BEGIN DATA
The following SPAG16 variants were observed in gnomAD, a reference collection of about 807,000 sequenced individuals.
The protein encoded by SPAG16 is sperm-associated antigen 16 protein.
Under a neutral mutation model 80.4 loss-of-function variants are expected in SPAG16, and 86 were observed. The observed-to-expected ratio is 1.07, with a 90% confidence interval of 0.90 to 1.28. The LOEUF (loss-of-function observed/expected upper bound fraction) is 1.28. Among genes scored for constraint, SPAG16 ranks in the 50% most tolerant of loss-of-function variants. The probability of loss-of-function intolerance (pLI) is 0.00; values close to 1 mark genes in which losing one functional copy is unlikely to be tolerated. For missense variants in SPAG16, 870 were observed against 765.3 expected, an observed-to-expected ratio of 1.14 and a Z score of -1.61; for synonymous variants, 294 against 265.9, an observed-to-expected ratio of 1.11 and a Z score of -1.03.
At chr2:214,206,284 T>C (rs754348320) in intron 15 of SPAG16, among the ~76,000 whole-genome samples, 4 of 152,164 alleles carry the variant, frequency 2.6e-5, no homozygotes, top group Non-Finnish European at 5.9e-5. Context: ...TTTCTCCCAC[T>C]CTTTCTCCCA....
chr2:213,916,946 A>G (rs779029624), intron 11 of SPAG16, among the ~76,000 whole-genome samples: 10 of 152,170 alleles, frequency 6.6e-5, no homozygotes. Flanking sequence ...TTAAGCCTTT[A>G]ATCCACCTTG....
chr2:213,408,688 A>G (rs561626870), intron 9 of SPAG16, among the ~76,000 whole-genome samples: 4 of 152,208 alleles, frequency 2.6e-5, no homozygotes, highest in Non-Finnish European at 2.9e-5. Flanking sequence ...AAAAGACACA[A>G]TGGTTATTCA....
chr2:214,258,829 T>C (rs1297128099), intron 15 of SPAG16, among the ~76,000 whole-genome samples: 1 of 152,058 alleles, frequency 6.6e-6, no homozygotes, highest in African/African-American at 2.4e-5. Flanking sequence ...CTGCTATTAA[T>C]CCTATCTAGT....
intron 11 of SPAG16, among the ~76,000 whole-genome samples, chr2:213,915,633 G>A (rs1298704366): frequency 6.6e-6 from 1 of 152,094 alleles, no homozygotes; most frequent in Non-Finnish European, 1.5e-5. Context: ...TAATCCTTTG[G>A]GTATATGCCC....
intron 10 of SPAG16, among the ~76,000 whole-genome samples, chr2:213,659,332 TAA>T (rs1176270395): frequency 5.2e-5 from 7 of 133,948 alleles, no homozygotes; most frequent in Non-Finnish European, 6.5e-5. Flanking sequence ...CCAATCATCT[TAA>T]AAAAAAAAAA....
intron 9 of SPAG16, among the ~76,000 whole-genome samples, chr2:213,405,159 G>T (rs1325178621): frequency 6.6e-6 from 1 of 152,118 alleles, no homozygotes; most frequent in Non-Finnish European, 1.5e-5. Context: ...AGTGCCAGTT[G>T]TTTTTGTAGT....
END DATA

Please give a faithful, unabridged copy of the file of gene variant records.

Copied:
The following SPAG16 variants were observed in gnomAD, a reference collection of about 807,000 sequenced individuals.
The protein encoded by SPAG16 is sperm-associated antigen 16 protein.
Under a neutral mutation model 80.4 loss-of-function variants are expected in SPAG16, and 86 were observed. The observed-to-expected ratio is 1.07, with a 90% confidence interval of 0.90 to 1.28. The LOEUF (loss-of-function observed/expected upper bound fraction) is 1.28. Among genes scored for constraint, SPAG16 ranks in the 50% most tolerant of loss-of-function variants. The probability of loss-of-function intolerance (pLI) is 0.00; values close to 1 mark genes in which losing one functional copy is unlikely to be tolerated. For missense variants in SPAG16, 870 were observed against 765.3 expected, an observed-to-expected ratio of 1.14 and a Z score of -1.61; for synonymous variants, 294 against 265.9, an observed-to-expected ratio of 1.11 and a Z score of -1.03.
At chr2:214,206,284 T>C (rs754348320) in intron 15 of SPAG16, among the ~76,000 whole-genome samples, 4 of 152,164 alleles carry the variant, frequency 2.6e-5, no homozygotes, top group Non-Finnish European at 5.9e-5. Context: ...TTTCTCCCAC[T>C]CTTTCTCCCA....
chr2:213,916,946 A>G (rs779029624), intron 11 of SPAG16, among the ~76,000 whole-genome samples: 10 of 152,170 alleles, frequency 6.6e-5, no homozygotes. Flanking sequence ...TTAAGCCTTT[A>G]ATCCACCTTG....
chr2:213,408,688 A>G (rs561626870), intron 9 of SPAG16, among the ~76,000 whole-genome samples: 4 of 152,208 alleles, frequency 2.6e-5, no homozygotes, highest in Non-Finnish European at 2.9e-5. Flanking sequence ...AAAAGACACA[A>G]TGGTTATTCA....
chr2:214,258,829 T>C (rs1297128099), intron 15 of SPAG16, among the ~76,000 whole-genome samples: 1 of 152,058 alleles, frequency 6.6e-6, no homozygotes, highest in African/African-American at 2.4e-5. Flanking sequence ...CTGCTATTAA[T>C]CCTATCTAGT....
intron 11 of SPAG16, among the ~76,000 whole-genome samples, chr2:213,915,633 G>A (rs1298704366): frequency 6.6e-6 from 1 of 152,094 alleles, no homozygotes; most frequent in Non-Finnish European, 1.5e-5. Context: ...TAATCCTTTG[G>A]GTATATGCCC....
intron 10 of SPAG16, among the ~76,000 whole-genome samples, chr2:213,659,332 TAA>T (rs1176270395): frequency 5.2e-5 from 7 of 133,948 alleles, no homozygotes; most frequent in Non-Finnish European, 6.5e-5. Flanking sequence ...CCAATCATCT[TAA>T]AAAAAAAAAA....
intron 9 of SPAG16, among the ~76,000 whole-genome samples, chr2:213,405,159 G>T (rs1325178621): frequency 6.6e-6 from 1 of 152,118 alleles, no homozygotes; most frequent in Non-Finnish European, 1.5e-5. Context: ...AGTGCCAGTT[G>T]TTTTTGTAGT....